Coldstream Creek flooded Creekside Park in Coldstream and further down stream several Kirkland Road properties were on evacuation alert this summer. (Jennifer Smith/Morning Star)

Coldstream Creek sediment removal moves ahead

Recommendation to proceed with detailed design and permitting of restored creek bank supported

After freshet saw Coldstream Creek flood its banks, restoration and dredging received support from council.

Councillors voted in favour of staff’s recommendation to proceed with the detailed design and permitting of the restored creek bank at an estimated cost of $55,000 at a special District of Coldstream council meeting Tuesday, Nov. 13.

Michael Baker, director of infrastructure services, presented council with four options on how to best proceed with the creek’s restoration.

“We had Coldstream Creek burst its bank on the (constructed) Lavington wetland,” Baker said and added that sediment deposits have left the creek bed higher than surrounding agricultural land. “It will obviously just exacerbate the problem if nothing is done.”

Related: Garlick wins Coldstream in landslide

Associated Engineering has been retained to provide advice and options, which consist of short and long term solutions.

The recommended option, Baker said, is to dredge the creek, restore the creek bank and investigate a location for an instream sediment retention area, which would support the reduction of sediment loading in that portion of the creek and allow for more cost effective maintenance options. The price tag for that option, option No. 4, is estimated at $405,000.

“It quite possibly could be something done over the next few years,” Baker said. “I was looking at this as a staged approach.”

While estimates are preliminary, Baker said $405,000 only outlines the cost of design, dredging and creek bank restoration. Further costs of implementing an instream sediment retention area would be discussed during the design phase. A potential factor impacting the cost is a private property boundary that runs along the creek.

“Quite frankly, I’m a little frustrated,” said Coun. Pat Cochrane. “I took that ($405,000) to be the whole cost of option No. 4.”

Coun. Stephanie Hoffman asked how long the benefits of simply dredging the creek would last.

“If that’s (instream sediment retention area) not put in, additional sediment will be put down and we will be in the same place in a number of years,” Baker said.

“What we’re doing with this wetland becomes meaningless if we do nothing,” Coun. Richard Enns added.

Related: Evacuation alert rescinded after creek floods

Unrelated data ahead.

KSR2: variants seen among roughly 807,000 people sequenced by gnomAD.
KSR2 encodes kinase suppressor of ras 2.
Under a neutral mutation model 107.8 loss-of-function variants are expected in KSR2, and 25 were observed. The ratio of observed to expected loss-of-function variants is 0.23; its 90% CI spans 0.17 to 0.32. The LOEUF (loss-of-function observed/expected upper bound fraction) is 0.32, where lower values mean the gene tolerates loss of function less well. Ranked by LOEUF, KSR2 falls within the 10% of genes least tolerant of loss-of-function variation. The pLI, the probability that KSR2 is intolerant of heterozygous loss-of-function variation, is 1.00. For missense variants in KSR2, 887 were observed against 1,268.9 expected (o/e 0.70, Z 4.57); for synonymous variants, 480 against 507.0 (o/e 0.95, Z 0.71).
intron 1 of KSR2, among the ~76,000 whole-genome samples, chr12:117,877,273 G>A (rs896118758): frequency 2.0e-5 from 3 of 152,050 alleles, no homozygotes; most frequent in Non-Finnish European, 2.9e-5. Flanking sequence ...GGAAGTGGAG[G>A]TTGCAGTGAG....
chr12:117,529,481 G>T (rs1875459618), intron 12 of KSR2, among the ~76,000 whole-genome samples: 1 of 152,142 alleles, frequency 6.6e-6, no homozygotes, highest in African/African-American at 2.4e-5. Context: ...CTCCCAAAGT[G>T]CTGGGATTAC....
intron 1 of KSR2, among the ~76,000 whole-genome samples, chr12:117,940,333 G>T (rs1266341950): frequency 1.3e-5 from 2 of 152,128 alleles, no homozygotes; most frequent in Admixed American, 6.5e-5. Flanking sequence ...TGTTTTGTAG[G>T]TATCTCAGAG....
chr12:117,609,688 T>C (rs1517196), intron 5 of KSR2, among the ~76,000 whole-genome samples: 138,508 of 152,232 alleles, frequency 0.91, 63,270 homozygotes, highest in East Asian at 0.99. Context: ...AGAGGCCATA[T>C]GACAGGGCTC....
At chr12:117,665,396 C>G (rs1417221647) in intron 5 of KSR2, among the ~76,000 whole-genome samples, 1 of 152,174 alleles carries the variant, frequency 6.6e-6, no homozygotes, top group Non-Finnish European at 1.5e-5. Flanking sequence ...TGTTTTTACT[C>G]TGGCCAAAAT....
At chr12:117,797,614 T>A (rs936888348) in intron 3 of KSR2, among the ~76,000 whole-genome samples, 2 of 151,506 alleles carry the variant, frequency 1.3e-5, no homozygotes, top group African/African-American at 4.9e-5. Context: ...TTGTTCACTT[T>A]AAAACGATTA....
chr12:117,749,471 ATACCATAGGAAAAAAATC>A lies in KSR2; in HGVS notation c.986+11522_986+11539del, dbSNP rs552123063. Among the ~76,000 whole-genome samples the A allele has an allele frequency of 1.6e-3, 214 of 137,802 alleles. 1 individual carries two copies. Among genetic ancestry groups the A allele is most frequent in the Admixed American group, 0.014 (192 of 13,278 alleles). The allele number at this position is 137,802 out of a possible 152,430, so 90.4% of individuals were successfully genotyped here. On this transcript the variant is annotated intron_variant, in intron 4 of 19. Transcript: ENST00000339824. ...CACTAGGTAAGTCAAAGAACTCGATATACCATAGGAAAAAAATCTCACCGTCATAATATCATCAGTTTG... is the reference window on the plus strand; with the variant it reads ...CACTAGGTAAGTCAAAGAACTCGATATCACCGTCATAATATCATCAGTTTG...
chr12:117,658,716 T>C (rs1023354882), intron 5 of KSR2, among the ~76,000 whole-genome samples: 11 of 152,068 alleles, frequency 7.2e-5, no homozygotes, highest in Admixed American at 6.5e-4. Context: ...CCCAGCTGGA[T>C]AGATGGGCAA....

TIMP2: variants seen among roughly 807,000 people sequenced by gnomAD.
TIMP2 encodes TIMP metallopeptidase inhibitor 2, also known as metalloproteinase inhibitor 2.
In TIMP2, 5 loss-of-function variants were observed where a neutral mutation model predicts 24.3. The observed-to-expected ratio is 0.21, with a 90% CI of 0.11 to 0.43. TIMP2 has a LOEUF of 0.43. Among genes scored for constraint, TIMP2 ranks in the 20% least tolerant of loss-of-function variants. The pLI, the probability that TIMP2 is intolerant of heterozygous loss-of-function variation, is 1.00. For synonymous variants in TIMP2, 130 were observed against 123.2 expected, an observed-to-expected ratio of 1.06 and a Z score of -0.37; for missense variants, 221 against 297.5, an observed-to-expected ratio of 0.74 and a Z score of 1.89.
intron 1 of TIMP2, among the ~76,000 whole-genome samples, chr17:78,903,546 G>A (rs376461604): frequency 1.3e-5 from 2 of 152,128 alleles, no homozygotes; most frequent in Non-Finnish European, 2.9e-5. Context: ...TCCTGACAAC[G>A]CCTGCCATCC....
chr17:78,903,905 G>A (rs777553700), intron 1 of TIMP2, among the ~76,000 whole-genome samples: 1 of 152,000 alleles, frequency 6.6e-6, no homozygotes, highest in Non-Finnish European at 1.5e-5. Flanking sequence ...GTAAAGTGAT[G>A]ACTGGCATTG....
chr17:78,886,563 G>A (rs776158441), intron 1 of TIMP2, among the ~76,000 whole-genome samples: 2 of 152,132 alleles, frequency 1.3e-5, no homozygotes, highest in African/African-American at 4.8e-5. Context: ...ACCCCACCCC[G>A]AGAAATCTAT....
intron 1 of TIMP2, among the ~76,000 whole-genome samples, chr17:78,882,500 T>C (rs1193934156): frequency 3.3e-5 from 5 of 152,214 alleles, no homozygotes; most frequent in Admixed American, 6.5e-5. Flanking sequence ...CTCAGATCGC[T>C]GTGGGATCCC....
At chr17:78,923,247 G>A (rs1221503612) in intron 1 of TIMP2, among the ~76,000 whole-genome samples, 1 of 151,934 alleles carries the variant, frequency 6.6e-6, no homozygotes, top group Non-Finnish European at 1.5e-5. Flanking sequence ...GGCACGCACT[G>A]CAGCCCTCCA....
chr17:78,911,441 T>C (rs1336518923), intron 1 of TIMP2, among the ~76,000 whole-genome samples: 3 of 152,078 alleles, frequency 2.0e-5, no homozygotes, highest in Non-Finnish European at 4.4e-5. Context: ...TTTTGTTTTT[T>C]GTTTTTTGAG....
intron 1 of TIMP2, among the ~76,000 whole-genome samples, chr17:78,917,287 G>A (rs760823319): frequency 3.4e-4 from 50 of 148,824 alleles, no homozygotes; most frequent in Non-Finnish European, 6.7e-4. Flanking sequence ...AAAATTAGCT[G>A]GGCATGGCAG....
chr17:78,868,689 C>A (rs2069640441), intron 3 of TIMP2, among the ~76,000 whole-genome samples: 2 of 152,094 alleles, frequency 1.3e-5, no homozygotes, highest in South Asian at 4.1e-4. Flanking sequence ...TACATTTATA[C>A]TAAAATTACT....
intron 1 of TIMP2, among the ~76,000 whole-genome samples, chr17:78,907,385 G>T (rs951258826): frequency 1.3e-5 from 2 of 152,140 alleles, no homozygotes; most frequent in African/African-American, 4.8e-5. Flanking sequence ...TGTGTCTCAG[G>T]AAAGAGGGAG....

Mayor Jim Garlick said council was simply voting on spending $55,000 for design work and permitting, while the detailed options would be discussed during budget deliberations in the spring.

Other options Baker presented include doing nothing, dredging the creek as required at an estimated cost of $100,000 or dredging the creek and restoring the creek bank for an estimated $305,000. Regardless of which option is chosen, Baker said staff will look to have the work done before the 2019 freshet.

Benefits of supporting option No. 4, Garlick said, include protecting Coldstream Creek, Highway 6 and the constructed wetland.

“This recommendation allows for that to take place over time,” Garlick said.


@VernonNews
parker.crook@vernonmorningstar.com

Like us on Facebook and follow us on Twitter.

Just Posted

Vernon property altercation results in pair of arrests

RCMP called to 4300 block of 32nd Street Wednesday afternoon; two people taken into custody

Splash of Red returns

The 8th annual Splash of Red fundraiser takes place Thursday, August 15 at the Caetani House in Vernon

Vernon society sends seniors, shut-ins on boat excursions

Okanagan Quality Life Society has been providing Okanagan Lake boat rides for nearly 30 years

North Okanagan-Shuswap MP meets with religious leaders

Discussion included effect of attestation requirement and other legislation on faith communities

Okanagan-Shuswap weather: cloudy, showers expected

Environment Canada is predicting a mix of sun and clouds tomorrow and a sunny weekend across the Okanagan

Rents in most Canadian cities are unaffordable for lower-income earners: study

Roughly one-third of households, or 4.7 million, are renters

Rare white ravens spotted again on Vancouver Island

Nature photographer Mike Yip said mysterious birds back in Coombs area

Kelowna trainer skips weights, swings mace

Viala the Viking uses ancient techniques in his personal-training business

UBCO and Okanagan College team up for green construction centre

UBCO and Okanagan College will create a Green Construction Research and Training Centre

B.C. government seeks advice on reviving Interior forest industry

Public website opens as meetings start with community leaders

Okanagan Basin Water Board continues call to protect B.C. waters from invasive mussels

The board is pushing for additional regulations from the government

Psychics, drones being used to search for missing Chilliwack woman with dementia

Drones, psychics, dogs and more have been employed to help find Grace Baranyk, 86

Summerland real estate agents handled many home transactions

Larry and Donna Young spent 40 years in Summerland housing market

Okanagan FC one win away from playoff berth

The Kelowna soccer club finishes their season with two home games

Most Read